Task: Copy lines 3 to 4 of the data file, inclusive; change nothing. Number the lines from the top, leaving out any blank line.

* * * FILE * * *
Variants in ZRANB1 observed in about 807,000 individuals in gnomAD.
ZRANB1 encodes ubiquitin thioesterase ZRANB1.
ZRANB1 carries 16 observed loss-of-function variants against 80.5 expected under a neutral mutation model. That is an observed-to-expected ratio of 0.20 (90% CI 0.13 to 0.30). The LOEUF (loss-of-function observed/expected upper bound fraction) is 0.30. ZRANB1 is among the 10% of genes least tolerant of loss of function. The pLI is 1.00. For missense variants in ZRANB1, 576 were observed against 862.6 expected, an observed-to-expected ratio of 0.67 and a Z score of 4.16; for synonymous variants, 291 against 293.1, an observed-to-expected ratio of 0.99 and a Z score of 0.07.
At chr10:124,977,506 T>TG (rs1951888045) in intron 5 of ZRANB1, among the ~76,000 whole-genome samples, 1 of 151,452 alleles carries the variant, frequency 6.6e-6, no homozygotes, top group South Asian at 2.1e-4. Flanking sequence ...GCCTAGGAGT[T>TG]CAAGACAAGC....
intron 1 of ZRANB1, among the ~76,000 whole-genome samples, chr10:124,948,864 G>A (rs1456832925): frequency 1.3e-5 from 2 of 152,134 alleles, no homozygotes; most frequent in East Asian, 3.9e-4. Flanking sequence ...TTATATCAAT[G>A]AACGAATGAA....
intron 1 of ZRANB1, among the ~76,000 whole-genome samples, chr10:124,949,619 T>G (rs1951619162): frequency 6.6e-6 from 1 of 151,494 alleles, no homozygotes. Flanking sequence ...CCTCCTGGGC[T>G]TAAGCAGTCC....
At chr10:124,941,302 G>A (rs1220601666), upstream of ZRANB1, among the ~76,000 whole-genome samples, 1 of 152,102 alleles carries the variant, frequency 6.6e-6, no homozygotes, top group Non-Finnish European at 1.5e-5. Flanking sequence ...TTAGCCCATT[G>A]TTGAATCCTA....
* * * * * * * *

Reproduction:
ZRANB1 carries 16 observed loss-of-function variants against 80.5 expected under a neutral mutation model. That is an observed-to-expected ratio of 0.20 (90% CI 0.13 to 0.30). The LOEUF (loss-of-function observed/expected upper bound fraction) is 0.30. ZRANB1 is among the 10% of genes least tolerant of loss of function. The pLI is 1.00. For missense variants in ZRANB1, 576 were observed against 862.6 expected, an observed-to-expected ratio of 0.67 and a Z score of 4.16; for synonymous variants, 291 against 293.1, an observed-to-expected ratio of 0.99 and a Z score of 0.07.
At chr10:124,977,506 T>TG (rs1951888045) in intron 5 of ZRANB1, among the ~76,000 whole-genome samples, 1 of 151,452 alleles carries the variant, frequency 6.6e-6, no homozygotes, top group South Asian at 2.1e-4. Flanking sequence ...GCCTAGGAGT[T>TG]CAAGACAAGC....